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Gold prices reached a record high on Monday, crossing $1,130 an ounce. But even as investors stock up on the metal, it has stopped dazzling retail jewelers and consumers.
November 16, 2009 4:49 by Aarti Nagraj
Gold prices reached a record high of above $1,130 an ounce on Monday, as the dollar declined further against a basket of currencies. The yellow metal has increased 10 percent in the past two weeks, says Reuters. The previous record of $1,122.85 was reached on November 12.
According to analysts, the price of gold is set to increase higher. Investment fund BlackRock, which advises the US Federal Reserve, has predicted an increase in gold prices because of lower global supply and higher demand.
“The most recent break-out in the gold price in US dollars has caused most gold prices to start trending higher at the same time,” said Evy Hambro, who runs BlackRock’s World Mining Fund. “Supply is still falling for the industry, which is not a sign of an industry enjoying massive prices,” he told Bloomberg. According to him central banks across the world will be the main buyers of gold this year.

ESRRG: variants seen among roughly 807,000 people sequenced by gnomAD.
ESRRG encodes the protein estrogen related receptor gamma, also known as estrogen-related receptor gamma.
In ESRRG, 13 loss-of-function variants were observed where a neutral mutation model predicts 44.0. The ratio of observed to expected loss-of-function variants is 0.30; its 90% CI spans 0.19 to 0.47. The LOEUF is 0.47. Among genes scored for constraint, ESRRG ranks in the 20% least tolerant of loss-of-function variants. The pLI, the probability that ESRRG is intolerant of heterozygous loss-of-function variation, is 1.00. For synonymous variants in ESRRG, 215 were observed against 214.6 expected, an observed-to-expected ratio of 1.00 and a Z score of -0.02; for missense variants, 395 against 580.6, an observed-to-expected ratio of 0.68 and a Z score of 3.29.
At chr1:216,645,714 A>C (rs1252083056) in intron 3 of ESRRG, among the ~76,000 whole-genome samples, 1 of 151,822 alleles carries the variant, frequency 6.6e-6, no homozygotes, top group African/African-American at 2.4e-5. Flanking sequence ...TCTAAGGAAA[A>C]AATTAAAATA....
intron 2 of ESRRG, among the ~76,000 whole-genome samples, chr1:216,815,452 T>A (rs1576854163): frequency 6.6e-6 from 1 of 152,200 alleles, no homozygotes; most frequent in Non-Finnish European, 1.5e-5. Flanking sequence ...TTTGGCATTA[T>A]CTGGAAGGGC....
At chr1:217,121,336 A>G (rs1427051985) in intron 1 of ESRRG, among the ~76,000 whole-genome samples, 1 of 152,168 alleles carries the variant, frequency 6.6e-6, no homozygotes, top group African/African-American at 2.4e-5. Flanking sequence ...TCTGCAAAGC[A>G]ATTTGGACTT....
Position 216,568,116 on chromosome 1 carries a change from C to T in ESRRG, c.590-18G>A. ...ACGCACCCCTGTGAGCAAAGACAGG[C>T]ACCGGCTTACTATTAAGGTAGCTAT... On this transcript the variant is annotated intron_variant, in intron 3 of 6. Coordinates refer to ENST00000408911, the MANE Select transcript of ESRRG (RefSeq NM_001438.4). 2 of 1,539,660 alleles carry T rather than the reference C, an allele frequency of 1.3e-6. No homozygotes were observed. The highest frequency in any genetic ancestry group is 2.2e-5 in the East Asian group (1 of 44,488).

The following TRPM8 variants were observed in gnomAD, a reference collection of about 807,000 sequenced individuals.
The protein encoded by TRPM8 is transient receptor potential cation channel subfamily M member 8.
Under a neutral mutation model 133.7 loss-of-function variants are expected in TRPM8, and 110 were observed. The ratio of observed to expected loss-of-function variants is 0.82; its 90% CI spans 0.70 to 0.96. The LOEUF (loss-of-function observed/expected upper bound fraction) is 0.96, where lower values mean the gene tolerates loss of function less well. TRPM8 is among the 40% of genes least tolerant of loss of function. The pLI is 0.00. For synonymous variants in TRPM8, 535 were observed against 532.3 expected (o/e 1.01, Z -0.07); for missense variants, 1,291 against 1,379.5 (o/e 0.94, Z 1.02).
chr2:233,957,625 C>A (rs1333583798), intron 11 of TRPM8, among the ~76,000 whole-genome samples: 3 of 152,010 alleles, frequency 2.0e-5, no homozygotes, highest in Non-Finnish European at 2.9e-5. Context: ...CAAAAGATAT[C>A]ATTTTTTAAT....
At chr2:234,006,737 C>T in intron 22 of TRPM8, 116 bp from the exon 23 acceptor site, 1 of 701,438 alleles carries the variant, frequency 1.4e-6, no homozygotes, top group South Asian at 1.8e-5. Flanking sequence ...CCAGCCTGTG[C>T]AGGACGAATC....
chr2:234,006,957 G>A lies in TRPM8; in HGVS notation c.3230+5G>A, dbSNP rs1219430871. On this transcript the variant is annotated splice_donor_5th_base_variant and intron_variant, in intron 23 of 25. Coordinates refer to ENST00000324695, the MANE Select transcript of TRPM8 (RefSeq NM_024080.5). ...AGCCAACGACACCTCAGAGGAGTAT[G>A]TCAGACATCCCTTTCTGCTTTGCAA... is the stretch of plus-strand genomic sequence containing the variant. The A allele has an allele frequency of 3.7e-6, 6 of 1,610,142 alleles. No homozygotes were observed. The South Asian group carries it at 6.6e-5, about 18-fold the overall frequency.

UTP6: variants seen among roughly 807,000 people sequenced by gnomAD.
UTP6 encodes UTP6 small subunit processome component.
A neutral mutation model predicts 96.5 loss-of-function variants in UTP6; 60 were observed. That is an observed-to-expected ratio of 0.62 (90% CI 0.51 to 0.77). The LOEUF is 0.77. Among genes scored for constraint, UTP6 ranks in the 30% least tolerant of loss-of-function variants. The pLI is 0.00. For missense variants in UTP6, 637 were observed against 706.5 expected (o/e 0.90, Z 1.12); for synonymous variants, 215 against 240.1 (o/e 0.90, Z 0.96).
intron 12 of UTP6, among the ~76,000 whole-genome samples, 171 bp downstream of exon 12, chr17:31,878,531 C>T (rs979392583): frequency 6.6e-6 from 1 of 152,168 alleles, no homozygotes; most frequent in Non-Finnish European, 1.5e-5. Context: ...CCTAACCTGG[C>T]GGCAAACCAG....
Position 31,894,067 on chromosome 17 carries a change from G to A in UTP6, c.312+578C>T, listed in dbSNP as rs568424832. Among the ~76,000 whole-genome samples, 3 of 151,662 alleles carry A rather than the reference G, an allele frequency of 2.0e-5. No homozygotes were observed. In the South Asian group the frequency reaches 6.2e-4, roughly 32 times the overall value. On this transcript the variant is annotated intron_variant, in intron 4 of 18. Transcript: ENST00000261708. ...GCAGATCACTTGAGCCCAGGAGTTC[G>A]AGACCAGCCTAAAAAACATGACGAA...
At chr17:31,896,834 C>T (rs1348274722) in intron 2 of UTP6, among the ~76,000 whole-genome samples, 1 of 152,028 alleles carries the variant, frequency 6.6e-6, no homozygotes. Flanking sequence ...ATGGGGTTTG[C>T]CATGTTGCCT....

Regionally too, investors are spending more on gold. “The level at which investors are willing to buy gold continues to increase,” market research and consulting firm CPM said on Dubai Gold and Commodities Exchange (DGCX)’s weekly newsletter released on Sunday. “As of 11 November combined ETF (exchange-traded fund) gold holding were 56.27 million ounces, up from 55.95 million ounces at the start of the month,” it said.
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